Records of the Assistant Commissioner for the State of Texas
Bureau of Refugees, Freedmen and Abandoned Lands, 1865 - 1869
National Archives Microfilm Publication M821, Roll 32
"Registered Reports of Murders and Outrages, Sept. 1866 - July 1867"
Office Sub. Asst. Comr.
Oct. 13, 1866
Davis, M. E.
Sub. Asst. Comr.
Reports murders, outrages &c., committed on white men and freedmen in Washington County
Office Sub. Asst. Comr., B. R. F. & A. L.
Brenham Texas, Oct. 13th, 1866
the report called for by the Asst. Comr. in relation to murders and outrages committed upon Union men and Freedmen in this County since the close of the rebellion I am unable to make for the reason that there are no records in this office of murders, outrages &c.
I have picked up a few cases which may be of use to your. I give them to you as they were given to me and have no doubt but that all can be proven. They are as follows.
In August 1865 a freedman named King Davis was shot and killed on Mill Creek by one Davis known as "Dock Davis." This freedman it is alleged was murdered for attempting to leave Davis and fined employment elsewhere after learning that he was free. A military force was sent by Capt. Post Comndg. at Brenham to arrest Davis, but failed to find him. He (Davis) has however returned and is now living on Mill Creek nine miles south of Brenham.
In the month of August or Sept. 1865 a colored boy 16 or 17 years of age was shot in the arm making amputation necessary above the elbow by Erwin Randle, son of Dr. Randle of Independence. It is alleged that this boy was shot for asking his master if he was not free and on being told by him that he was not replied that he could not believe it as all the other "darkeys" were free. Erwin Randle left the county at the time but I understand is in the County now.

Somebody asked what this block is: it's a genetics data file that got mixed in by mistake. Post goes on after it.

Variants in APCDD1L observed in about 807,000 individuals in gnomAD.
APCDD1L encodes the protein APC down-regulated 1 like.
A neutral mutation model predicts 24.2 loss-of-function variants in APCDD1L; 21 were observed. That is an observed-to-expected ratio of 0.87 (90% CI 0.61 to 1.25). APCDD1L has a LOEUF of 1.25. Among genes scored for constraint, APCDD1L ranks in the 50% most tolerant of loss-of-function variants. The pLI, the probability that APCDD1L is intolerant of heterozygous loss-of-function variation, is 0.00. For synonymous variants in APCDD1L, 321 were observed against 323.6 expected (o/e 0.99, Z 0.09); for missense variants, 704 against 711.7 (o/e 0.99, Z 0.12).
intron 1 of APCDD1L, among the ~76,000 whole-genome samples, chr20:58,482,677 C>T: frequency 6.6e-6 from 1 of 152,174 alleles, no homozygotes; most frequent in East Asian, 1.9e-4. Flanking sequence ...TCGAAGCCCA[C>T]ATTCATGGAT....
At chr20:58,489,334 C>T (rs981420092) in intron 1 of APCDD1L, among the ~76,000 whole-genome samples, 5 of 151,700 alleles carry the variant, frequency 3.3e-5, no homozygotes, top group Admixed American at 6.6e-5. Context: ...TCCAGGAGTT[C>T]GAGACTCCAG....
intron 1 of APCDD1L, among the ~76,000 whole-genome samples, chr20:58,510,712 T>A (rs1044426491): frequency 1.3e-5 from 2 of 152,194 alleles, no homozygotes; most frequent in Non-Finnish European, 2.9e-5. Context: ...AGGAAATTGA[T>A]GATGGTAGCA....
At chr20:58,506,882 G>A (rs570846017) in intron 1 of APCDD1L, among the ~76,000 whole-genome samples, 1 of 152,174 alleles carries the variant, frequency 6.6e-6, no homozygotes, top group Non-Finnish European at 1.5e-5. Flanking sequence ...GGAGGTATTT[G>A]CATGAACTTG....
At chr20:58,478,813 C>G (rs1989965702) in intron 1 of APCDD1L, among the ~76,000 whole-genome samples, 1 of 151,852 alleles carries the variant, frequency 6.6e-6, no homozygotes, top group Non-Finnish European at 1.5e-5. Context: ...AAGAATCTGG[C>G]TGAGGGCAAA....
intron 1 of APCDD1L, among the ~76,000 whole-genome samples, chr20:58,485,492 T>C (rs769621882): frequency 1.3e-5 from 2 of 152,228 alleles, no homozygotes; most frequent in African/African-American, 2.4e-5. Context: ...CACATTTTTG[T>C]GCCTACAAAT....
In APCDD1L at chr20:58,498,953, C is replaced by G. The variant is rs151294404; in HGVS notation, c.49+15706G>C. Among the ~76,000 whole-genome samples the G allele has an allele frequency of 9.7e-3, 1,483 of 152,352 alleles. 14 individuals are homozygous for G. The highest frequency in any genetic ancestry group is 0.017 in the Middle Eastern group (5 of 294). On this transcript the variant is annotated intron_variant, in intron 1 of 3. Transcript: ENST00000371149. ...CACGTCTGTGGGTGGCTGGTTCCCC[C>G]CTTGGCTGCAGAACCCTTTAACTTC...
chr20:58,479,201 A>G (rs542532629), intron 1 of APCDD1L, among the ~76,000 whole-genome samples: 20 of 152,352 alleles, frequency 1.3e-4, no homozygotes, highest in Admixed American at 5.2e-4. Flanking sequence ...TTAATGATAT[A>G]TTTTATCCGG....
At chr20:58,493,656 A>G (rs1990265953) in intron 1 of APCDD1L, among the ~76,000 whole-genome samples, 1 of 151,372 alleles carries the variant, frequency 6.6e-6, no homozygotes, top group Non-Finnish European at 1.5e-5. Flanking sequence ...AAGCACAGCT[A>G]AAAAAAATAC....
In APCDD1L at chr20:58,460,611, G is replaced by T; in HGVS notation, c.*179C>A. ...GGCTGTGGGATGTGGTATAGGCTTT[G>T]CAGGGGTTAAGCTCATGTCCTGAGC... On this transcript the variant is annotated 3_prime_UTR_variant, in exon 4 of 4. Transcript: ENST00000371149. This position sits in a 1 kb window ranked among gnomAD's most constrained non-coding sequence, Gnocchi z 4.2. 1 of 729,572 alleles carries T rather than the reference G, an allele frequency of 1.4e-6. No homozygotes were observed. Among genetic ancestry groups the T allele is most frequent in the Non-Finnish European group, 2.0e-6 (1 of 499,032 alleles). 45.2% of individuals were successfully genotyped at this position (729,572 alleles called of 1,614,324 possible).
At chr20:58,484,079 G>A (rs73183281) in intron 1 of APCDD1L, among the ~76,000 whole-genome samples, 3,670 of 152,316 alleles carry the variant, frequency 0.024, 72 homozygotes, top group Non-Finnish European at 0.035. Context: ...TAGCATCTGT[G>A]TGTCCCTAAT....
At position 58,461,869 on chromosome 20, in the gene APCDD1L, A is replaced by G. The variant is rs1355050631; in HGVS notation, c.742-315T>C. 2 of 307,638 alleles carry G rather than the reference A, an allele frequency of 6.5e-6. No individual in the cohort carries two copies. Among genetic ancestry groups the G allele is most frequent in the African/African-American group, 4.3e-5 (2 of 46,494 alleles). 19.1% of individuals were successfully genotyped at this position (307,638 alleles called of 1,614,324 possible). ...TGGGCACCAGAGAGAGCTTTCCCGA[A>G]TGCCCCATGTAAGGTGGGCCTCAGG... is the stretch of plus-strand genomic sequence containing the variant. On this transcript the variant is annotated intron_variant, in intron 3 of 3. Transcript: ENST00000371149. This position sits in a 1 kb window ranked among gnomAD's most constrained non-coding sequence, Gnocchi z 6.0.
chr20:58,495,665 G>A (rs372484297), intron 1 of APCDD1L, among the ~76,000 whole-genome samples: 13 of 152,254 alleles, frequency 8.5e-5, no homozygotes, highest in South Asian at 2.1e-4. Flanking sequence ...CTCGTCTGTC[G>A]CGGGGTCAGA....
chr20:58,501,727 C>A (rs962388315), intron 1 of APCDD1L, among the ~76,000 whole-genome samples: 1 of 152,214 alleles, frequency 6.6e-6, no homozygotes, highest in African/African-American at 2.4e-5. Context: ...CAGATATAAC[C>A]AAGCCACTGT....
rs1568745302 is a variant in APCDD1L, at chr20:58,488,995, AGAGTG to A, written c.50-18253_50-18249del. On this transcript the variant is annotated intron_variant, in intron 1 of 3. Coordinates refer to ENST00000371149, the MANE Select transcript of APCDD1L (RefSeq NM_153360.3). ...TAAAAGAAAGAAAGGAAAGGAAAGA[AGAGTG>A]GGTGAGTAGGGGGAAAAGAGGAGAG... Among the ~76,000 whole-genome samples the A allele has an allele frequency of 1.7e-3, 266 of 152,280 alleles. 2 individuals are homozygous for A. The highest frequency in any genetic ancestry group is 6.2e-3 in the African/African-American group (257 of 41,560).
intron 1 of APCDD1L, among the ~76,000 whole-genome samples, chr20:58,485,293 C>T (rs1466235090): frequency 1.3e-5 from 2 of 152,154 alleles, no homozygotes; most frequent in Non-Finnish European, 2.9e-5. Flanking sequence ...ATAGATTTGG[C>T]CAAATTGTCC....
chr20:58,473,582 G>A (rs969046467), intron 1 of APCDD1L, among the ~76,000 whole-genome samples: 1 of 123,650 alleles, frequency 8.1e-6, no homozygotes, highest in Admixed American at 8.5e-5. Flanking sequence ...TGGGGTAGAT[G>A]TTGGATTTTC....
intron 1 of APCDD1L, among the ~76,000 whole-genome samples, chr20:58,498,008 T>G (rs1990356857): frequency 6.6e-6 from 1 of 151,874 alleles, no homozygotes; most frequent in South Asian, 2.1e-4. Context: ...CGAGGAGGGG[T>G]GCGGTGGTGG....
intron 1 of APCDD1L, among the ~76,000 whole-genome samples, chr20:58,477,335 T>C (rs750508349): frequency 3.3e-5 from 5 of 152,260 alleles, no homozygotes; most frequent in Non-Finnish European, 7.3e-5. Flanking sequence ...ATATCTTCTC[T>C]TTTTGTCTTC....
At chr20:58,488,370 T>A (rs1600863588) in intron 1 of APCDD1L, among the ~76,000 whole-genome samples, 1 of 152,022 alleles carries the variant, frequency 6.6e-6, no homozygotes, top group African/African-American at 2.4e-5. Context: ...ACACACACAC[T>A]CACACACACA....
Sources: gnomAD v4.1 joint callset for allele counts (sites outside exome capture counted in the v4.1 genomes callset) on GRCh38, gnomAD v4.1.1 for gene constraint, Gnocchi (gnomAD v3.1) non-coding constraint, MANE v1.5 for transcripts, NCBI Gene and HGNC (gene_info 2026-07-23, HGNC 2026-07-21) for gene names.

On the 28th day of April 1866 at or near Union Hill in Washington County were murdered two freedmen and one freedwoman named respectively James Mayfield, Green Taylor, and Maria Taylor. There murders were committed after night by a party of white men eight or ten in number. The freedmen, five in number, lived alone in a house upon a Mr. Husier's farm. The two persons who were spared - an old man and woman - could not swear positively to the names of the murderers but thought they were young men of the neighborhood. Four arrests were made and two of the number tried by Military Commission and acquitted for want of positive evidence.
On the 9th day of Sept. 1866 Mr. Thomas Alya was assaulted in the town of Brenham by one Airey who shook a six shooter over his head and called him a d-d yank and threatened to shoot him. Mr. Alya is a native of Indiana, emigrated to this county and state prior to the rebellion, kept out of the rebel army until tried by a vigilance committee when he was furnished with a hangmans noose. This man (Alya) has always been a good Union man, but has been obliged to sell out here and leave the County on account of his Union sentiments and is now in Houston, Tex.
Your Obedt. Servt.
M. E. Davis
Sub. Asst. Comr.
Bvt. Lt. Col. H. A. Ellis
A. A. A. Genl.
B. R. F. & A. L.